The diner had an early lunch for sleeper passengers only.  The coach passengers got box lunches that they could eat on the bus to Denver.

There were three busses, at least two of which went straight to Denver.  I guess one of them was for passengers bound for Glenwood Springs, Granby, and Fraser.

The bus ride on Interstate 70 was tedious but only lasted for about four and a half hours.  I did get a nice view in Glenwood Canyon of the track on the other bank of the Colorado River where I would have preferred to be. ๐Ÿ˜Ž

On arrival in Denver, a redcap drove me and some others straight to our sleeper cars and handled all the baggage for us.

This train, which had turned from train 5 earlier in the day, had the same crew that I’d had on my westbound trip a week earlier.  My TA, O. C. Smith, was very friendly and helpful; but he was looking forward to calling it quits.  This would be his antepenultimate trip before retiring.

The diner was open and serving dinner when we got to the train.  I had the pasta with the “plant-based meat sauce”, which was actually quite good; but I wasn’t really hungry and couldn’t finish it.

We departed Denver right on time; and I went to bed shortly after the first stop at Fort Morgan about quarter to nine.


*“Bustituted” is a term that some of us regular Amtrak riders use to mean that a bus is being used as a substitute for a train.  In my roughly three decades of riding Amtrak trains, I’ve been bustituted only twice before:  once from Seattle to Spokane where train 7 had turned to train 8 because 7 had gotten caught in a blizzard; and once from Pittsburgh to D.C. on what should have been the Capitol Limited, I don’t remember why.

**What Amtrak is advertising as “traditional dining” is nothing of the sort.  I can remember when at least four service attendants (SAs) would be waiting the tables along with the dining car steward, and there’d be a cook or two and a dishwasher downstairs (on double-decker Superliner diners) preparing freshly cooked food served on real, if thin, china.  These days, it’s a lead service attendant (LSA) and one SA waiting tables, and one cook preparing what, at least, isn’t the prepackaged, microwaved stuff that you still get on all the eastern trains, the Texas Eagle, and AFAIK the City of New Orleans.

Kona Trip Report days 0-2

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2023-11-01:

Everything started well.  I had packed everything except my computer and toiletries the night before, and I arrived at the St. Louis Amtrak station in plenty of time to catch my first train to Chicago.

We departed St. Louis right on time; but as soon as I started getting my usual computer setup in order, I discovered, as I reported earlier, that I had stupidly failed to pack my laptop’s power cord (*sheesh*).  I still had a few hours of battery power available, but that clearly wasn’t going to get me to California.  I was off-line all the way to Emeryville and took no notes, and so I have almost nothing to report until the antepenultimate stop on day 2.

ca. 13:30−5:

We started boarding the California Zephyr and, amazingly, departed Chicago right on time at 14:00.

My sleeping car [train] attendant (TA), O. C. Smith, was very helpful all along the way, the food and the [food] service attendants (SAs), not so much.  The quality of the food service on Amtrak trains has taken a nosedive in the last decade or two.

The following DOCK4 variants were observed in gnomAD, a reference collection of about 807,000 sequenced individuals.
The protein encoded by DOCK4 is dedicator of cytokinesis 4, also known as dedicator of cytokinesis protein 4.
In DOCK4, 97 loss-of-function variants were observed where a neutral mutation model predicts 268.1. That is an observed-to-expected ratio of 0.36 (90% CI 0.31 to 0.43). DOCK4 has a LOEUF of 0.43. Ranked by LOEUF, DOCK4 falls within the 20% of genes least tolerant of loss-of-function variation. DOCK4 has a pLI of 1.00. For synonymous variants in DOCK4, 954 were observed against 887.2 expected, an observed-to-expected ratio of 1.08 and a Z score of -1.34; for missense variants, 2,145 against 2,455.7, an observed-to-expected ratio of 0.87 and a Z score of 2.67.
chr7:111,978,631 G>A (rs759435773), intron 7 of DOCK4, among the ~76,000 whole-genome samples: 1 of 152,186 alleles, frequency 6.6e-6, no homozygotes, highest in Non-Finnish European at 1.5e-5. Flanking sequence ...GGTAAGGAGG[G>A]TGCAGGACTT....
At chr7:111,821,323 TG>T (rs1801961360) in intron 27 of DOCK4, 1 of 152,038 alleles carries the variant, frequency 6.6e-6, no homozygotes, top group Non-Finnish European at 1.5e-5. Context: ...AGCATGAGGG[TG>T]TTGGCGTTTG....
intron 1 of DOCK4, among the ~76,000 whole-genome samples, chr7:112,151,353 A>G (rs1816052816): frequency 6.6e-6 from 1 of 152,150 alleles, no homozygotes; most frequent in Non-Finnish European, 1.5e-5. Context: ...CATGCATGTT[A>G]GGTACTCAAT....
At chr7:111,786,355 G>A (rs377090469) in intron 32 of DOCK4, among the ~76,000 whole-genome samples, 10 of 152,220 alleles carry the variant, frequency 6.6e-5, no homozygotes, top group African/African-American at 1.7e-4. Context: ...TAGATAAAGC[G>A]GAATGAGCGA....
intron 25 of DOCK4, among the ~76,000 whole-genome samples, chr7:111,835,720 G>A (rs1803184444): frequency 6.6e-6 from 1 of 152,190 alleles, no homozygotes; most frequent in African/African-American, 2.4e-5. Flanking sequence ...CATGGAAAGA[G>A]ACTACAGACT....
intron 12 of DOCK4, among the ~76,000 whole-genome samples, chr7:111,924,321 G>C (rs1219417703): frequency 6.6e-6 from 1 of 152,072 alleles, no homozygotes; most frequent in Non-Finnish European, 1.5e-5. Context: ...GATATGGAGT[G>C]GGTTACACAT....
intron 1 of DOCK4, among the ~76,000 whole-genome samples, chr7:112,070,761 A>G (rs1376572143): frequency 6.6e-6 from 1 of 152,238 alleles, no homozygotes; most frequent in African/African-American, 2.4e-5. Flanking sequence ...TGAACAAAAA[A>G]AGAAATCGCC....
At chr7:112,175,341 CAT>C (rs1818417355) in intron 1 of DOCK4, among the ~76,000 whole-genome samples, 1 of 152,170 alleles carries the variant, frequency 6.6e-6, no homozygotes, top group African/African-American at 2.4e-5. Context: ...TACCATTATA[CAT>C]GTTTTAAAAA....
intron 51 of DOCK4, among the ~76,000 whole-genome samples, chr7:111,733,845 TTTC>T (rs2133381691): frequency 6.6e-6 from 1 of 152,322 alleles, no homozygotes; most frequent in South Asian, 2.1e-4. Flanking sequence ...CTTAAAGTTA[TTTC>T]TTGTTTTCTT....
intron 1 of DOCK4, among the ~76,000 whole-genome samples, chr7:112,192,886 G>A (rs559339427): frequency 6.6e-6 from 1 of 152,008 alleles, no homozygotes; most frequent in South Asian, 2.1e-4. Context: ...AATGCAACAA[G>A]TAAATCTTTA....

2023-11-02, ca. 07:00−6:

It’s been at least twenty years since I last rode the Zephyr and, unsurprisingly I guess, the Denver station was all different from what I remembered.  We still had to pull quite a way north of the station and shove back to the stop, but this time there were several more tracks and very attractive platforms, and we were spotted on track 4 or 5 (I don’t remember which).  The last time I rode this train, we were shoved onto track 1 and spotted on a dingy platform near the headhouse.

I would later notice similar improvements at the Salt Lake City and Emeryville stations.

All the way from Denver to Grand Junction, the conductor made frequent announcements on the PA about the various sights along the way; and he was often amusing.  Most of the things to see were on the engineer’s side of the train (off to the right), but my room was on the fireman’s side.  I still appreciated the announcements, though.

2023-11-03, ca. 15:30−7:

Amazingly, we were right on time, even waiting for scheduled departure times at several stations, all the way to arrival in Martinez, CA.

We seemed to be having a really long dwell time in Martinez, surprising because the westbound Zephyr is discharge-only all the way from Sacramento to Emeryville and so doesn’t have to wait for scheduled departure times.  After about fifteen minutes or so, the conductor made an announcement on the PA saying that we had a medical emergency and that the train would be in Martinez for quite a while, but that passengers for Richmond and Emeryville would be handled on a Capitol Corridor train that was about an hour behind us.

I got off the train and followed the conductor to the baggage car where I claimed my one checked bag; and a station agent graciously allowed me to ride along with him with the other checked baggage to the headhouse.  He wouldn’t accept a tip.

I was working up a sweat, though.  I always wear a suit when I travel, principally because I like having all the pockets; and I was also wearing a St. Louis Cardinals baseball cap* and an overcoat on what turned out to be a warm day in the Bay Area.  This was going to be a problem because I’d be wearing the same suit and dress shirt all the way to the hotel on the Big Island.  When we got to the headhouse, I threw the hat and coat into what had been my checked bag, but that didn’t help much.